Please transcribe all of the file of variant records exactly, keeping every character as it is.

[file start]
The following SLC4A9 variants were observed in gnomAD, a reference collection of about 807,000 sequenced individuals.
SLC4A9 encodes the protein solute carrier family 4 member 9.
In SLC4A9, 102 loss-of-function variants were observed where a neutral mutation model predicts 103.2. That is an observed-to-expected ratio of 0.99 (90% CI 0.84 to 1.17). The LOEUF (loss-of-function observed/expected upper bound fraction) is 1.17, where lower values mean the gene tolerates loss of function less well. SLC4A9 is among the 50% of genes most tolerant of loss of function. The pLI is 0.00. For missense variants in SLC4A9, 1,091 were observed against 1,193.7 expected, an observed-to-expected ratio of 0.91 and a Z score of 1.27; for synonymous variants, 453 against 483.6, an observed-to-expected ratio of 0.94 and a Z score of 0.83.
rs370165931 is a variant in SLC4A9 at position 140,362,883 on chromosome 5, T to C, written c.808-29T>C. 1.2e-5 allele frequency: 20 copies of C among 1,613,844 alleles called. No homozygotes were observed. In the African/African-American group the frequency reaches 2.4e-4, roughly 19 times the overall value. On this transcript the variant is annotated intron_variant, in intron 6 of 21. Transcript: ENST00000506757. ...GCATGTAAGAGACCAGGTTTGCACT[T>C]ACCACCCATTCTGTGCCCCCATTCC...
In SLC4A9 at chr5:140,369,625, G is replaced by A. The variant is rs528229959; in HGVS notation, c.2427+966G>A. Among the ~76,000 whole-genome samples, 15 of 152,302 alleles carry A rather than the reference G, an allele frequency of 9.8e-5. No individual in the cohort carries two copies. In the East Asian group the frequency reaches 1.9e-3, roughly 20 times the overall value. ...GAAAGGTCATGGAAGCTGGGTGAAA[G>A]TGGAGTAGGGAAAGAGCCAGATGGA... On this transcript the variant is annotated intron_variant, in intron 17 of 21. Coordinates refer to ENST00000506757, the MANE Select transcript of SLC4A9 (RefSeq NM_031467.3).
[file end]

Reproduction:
The following SLC4A9 variants were observed in gnomAD, a reference collection of about 807,000 sequenced individuals.
SLC4A9 encodes the protein solute carrier family 4 member 9.
In SLC4A9, 102 loss-of-function variants were observed where a neutral mutation model predicts 103.2. That is an observed-to-expected ratio of 0.99 (90% CI 0.84 to 1.17). The LOEUF (loss-of-function observed/expected upper bound fraction) is 1.17, where lower values mean the gene tolerates loss of function less well. SLC4A9 is among the 50% of genes most tolerant of loss of function. The pLI is 0.00. For missense variants in SLC4A9, 1,091 were observed against 1,193.7 expected, an observed-to-expected ratio of 0.91 and a Z score of 1.27; for synonymous variants, 453 against 483.6, an observed-to-expected ratio of 0.94 and a Z score of 0.83.
rs370165931 is a variant in SLC4A9 at position 140,362,883 on chromosome 5, T to C, written c.808-29T>C. 1.2e-5 allele frequency: 20 copies of C among 1,613,844 alleles called. No homozygotes were observed. In the African/African-American group the frequency reaches 2.4e-4, roughly 19 times the overall value. On this transcript the variant is annotated intron_variant, in intron 6 of 21. Transcript: ENST00000506757. ...GCATGTAAGAGACCAGGTTTGCACT[T>C]ACCACCCATTCTGTGCCCCCATTCC...
In SLC4A9 at chr5:140,369,625, G is replaced by A. The variant is rs528229959; in HGVS notation, c.2427+966G>A. Among the ~76,000 whole-genome samples, 15 of 152,302 alleles carry A rather than the reference G, an allele frequency of 9.8e-5. No individual in the cohort carries two copies. In the East Asian group the frequency reaches 1.9e-3, roughly 20 times the overall value. ...GAAAGGTCATGGAAGCTGGGTGAAA[G>A]TGGAGTAGGGAAAGAGCCAGATGGA... On this transcript the variant is annotated intron_variant, in intron 17 of 21. Coordinates refer to ENST00000506757, the MANE Select transcript of SLC4A9 (RefSeq NM_031467.3).